At its heyday, the American circus was the largest showbiz industry the world had ever seen. From the mid-1800s to mid-1900s, traveling circuses performed for audiences of up to 14,000 per show, employed as many as 1,600 men and women, and crisscrossed the country on 20,000 miles of railroad in one season alone. The spectacle of death-defying daredevils, strapping superheroes and scantily clad starlets, fearless animal trainers, and startling “freaks” gripped the American imagination, outshining theater, vaudeville, comedy, and minstrel shows.
This book sheds fresh light on the circus phenomenon. With photographic gems of early circus performers, as well as original posters, lithographs, sideshow banners and engravings from the 16th to 19th centuries illustrating the worldwide roots of the circus, readers are transported to a world of thrill and skill, grit and glamor. Highlights include iconic circus photographs by Mathew Brady, Cornell Capa, Walker Evans, Weegee, and Lisette Model, and little-known circus images by Stanley Kubrick and Charles and Ray Eames.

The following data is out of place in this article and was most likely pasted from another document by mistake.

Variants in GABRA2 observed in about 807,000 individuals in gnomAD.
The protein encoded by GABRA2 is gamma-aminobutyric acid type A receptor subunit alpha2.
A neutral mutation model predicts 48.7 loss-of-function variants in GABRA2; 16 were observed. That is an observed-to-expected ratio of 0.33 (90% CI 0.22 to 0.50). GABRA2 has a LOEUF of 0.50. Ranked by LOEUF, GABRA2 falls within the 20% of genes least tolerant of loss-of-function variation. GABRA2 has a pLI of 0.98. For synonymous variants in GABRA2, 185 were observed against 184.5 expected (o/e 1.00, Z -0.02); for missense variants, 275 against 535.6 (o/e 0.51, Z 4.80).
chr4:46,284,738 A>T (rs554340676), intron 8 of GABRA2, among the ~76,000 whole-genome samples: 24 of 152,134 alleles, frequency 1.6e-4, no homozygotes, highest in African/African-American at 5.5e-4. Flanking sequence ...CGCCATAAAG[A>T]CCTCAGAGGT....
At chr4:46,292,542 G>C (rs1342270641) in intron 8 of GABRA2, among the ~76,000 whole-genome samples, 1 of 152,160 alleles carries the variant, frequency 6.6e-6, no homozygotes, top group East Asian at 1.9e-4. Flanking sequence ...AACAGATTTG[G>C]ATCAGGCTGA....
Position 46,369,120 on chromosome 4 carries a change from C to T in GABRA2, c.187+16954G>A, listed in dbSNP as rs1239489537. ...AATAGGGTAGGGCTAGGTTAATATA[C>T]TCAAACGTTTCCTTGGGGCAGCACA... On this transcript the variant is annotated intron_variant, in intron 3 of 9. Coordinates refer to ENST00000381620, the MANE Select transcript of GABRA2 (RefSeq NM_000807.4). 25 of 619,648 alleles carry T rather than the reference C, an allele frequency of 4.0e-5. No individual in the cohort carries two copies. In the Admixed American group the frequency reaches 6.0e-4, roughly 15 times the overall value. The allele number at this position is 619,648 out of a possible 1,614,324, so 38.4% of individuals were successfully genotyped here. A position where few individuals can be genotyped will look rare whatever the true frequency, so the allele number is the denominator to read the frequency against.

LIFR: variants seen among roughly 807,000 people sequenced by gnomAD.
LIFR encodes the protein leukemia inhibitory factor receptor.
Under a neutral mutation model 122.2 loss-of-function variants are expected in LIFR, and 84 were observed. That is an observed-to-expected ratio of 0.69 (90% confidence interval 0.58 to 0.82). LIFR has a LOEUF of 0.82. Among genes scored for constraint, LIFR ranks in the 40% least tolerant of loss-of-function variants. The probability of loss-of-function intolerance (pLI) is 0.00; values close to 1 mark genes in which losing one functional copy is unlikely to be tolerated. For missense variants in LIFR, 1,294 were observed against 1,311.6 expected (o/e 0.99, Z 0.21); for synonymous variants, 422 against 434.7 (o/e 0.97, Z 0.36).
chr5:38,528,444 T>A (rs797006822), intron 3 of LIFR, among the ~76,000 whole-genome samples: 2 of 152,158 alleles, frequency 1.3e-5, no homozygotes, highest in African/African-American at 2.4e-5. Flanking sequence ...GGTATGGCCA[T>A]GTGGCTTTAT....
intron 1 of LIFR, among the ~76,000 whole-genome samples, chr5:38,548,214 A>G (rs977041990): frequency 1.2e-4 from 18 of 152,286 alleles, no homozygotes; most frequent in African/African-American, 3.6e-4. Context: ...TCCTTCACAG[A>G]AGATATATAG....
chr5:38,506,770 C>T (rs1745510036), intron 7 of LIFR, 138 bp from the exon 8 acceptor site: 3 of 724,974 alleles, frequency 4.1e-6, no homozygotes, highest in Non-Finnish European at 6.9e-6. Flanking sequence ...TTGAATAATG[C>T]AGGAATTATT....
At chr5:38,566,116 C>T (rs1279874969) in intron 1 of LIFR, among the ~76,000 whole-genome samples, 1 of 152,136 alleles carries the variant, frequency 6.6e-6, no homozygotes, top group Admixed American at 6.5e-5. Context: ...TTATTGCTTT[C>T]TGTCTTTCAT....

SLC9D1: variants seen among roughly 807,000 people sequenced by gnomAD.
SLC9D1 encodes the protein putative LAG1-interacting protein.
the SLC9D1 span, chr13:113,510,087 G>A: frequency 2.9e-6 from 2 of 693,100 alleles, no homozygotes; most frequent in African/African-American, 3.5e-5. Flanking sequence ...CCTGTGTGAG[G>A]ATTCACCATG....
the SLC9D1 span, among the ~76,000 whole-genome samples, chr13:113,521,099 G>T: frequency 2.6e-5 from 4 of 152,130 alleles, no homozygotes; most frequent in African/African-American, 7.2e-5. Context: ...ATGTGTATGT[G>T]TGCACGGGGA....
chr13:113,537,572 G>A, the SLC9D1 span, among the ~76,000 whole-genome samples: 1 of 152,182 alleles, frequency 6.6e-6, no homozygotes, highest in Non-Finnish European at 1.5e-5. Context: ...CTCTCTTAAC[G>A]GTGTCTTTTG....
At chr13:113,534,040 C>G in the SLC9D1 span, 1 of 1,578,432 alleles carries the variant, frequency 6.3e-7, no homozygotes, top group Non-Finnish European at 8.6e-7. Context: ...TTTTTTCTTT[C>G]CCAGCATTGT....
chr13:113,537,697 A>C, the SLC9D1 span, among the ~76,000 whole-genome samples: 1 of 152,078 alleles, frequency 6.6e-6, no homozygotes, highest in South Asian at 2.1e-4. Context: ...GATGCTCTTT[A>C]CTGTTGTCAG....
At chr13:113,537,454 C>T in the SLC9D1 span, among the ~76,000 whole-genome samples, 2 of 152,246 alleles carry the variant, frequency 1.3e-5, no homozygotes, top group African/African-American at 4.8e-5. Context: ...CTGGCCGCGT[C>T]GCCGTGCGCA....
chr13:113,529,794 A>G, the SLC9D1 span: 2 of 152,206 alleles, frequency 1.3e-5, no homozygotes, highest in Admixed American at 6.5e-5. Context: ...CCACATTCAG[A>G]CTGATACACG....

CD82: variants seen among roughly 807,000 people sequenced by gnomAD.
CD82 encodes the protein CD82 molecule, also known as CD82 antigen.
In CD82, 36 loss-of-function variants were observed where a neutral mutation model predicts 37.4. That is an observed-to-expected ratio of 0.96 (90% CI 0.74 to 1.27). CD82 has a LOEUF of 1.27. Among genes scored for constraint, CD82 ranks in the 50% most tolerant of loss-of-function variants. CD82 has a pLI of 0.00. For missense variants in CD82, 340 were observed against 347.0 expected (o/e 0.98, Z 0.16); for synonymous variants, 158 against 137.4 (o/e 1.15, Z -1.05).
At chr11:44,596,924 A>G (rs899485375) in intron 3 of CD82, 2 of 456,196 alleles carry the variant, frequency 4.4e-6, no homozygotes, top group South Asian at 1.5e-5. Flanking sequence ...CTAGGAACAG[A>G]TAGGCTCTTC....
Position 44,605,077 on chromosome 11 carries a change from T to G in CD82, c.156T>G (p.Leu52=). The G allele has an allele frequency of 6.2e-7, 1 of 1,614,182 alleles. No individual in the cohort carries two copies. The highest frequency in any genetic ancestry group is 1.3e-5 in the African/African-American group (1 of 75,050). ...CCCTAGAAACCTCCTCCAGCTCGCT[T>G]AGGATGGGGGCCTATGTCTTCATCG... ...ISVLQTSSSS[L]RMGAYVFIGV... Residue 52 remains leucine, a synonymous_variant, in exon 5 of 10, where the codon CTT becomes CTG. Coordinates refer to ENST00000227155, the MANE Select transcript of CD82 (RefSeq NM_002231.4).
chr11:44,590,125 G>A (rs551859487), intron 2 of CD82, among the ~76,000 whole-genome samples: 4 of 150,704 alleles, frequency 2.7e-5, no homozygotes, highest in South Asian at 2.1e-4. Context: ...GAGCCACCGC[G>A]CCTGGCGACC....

About the Author
Linda Granfield is a widely published author whose book Circus: An Album won six awards, including a place on the “Best of the Best” list by Chicago Public Library. Known for her clear and accessible writing, Granfield has penned many young adult publications as well as adult nonfiction books. She lives in Toronto, Canada.
Fred Dahlinger, Jr. from Baraboo, Wisconsin, is a circus historian and author of several books on the American circus.
TASCHEN editor Noel Daniel graduated from Princeton University and studied in Berlin on a Fulbright Scholarship. She earned a master’s degree in London and served as director of a photography art gallery before becoming a book editor. Her TASCHEN books to date include A Treasury of Wintertime Tales (2014), The Fairy Tales of Hans Christian Andersen (2013), The Fairy Tales of the Brothers Grimm (2011), Magic 1400s–1950s (2009), and The Circus 1870s–1950s (2008).